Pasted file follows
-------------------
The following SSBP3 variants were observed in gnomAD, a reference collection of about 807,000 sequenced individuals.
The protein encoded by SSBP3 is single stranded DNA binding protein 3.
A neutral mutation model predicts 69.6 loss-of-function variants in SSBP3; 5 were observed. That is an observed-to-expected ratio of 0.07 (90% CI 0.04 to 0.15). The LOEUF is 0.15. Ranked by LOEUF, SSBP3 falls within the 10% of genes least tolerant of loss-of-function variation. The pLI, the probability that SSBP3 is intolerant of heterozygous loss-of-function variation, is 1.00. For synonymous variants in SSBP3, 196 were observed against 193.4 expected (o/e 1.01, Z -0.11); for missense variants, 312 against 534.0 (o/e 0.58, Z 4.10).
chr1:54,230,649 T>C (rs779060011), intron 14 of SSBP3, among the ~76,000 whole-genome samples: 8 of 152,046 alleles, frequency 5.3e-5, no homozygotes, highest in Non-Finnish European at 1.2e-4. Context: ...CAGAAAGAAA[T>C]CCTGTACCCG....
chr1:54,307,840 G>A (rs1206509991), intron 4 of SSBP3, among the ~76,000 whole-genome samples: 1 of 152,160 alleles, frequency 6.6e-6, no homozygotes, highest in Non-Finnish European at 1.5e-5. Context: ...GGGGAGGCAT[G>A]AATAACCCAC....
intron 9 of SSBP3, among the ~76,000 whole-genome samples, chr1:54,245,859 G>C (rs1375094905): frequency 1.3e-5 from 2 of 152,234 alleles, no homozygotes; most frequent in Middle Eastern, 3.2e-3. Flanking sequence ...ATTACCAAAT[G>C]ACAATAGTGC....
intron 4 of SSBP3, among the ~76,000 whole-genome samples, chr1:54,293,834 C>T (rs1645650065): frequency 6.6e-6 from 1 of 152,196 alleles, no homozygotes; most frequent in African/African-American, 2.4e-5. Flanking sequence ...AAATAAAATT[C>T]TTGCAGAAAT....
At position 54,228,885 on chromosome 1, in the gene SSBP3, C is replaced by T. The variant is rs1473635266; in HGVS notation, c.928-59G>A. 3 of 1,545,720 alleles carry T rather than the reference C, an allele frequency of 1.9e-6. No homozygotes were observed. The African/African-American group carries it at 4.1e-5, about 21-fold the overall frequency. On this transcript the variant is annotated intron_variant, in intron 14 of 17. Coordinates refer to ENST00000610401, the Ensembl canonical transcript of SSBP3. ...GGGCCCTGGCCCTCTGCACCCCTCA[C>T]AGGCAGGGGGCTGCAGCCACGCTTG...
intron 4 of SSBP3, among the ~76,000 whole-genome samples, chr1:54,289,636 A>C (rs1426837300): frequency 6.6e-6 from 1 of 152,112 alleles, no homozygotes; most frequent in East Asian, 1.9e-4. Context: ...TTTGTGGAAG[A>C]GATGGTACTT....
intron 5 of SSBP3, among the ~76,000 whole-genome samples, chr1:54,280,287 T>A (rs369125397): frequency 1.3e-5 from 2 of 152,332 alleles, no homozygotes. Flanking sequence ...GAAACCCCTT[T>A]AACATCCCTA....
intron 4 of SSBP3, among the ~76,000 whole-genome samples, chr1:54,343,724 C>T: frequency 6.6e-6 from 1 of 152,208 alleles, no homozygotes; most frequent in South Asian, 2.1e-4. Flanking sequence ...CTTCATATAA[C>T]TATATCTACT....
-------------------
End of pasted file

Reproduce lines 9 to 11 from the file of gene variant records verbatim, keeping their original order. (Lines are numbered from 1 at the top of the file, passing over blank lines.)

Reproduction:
intron 4 of SSBP3, among the ~76,000 whole-genome samples, chr1:54,289,636 A>C (rs1426837300): frequency 6.6e-6 from 1 of 152,112 alleles, no homozygotes; most frequent in East Asian, 1.9e-4. Context: ...TTTGTGGAAG[A>C]GATGGTACTT....
intron 5 of SSBP3, among the ~76,000 whole-genome samples, chr1:54,280,287 T>A (rs369125397): frequency 1.3e-5 from 2 of 152,332 alleles, no homozygotes. Flanking sequence ...GAAACCCCTT[T>A]AACATCCCTA....
intron 4 of SSBP3, among the ~76,000 whole-genome samples, chr1:54,343,724 C>T: frequency 6.6e-6 from 1 of 152,208 alleles, no homozygotes; most frequent in South Asian, 2.1e-4. Flanking sequence ...CTTCATATAA[C>T]TATATCTACT....